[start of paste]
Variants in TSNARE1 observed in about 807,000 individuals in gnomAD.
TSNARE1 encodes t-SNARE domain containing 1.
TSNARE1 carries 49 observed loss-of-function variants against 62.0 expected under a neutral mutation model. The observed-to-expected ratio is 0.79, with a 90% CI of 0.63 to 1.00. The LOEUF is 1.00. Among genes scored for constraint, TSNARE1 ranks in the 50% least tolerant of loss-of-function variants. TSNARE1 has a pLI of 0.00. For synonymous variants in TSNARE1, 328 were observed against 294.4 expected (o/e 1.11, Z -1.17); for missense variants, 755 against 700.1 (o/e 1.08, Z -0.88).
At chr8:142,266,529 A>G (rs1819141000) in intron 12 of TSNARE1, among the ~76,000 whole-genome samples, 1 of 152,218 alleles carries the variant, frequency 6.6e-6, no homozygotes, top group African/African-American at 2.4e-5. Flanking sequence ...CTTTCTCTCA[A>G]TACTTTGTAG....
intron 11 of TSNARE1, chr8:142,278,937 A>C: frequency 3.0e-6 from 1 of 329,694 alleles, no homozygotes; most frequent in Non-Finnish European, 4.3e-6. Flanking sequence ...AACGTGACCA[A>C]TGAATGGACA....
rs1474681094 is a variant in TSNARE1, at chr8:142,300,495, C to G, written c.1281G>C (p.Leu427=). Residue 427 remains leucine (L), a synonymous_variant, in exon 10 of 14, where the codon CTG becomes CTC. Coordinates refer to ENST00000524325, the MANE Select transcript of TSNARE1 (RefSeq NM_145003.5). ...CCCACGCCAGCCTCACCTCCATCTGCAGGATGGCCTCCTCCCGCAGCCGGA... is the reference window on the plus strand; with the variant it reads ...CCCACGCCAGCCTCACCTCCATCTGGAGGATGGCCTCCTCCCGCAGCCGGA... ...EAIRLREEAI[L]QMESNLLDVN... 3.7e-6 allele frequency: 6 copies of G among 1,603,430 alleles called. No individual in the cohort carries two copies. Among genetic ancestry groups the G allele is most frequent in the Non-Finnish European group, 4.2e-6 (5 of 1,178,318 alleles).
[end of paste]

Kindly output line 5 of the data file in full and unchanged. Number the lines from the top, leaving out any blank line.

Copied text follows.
intron 11 of TSNARE1, chr8:142,278,937 A>C: frequency 3.0e-6 from 1 of 329,694 alleles, no homozygotes; most frequent in Non-Finnish European, 4.3e-6. Flanking sequence ...AACGTGACCA[A>C]TGAATGGACA....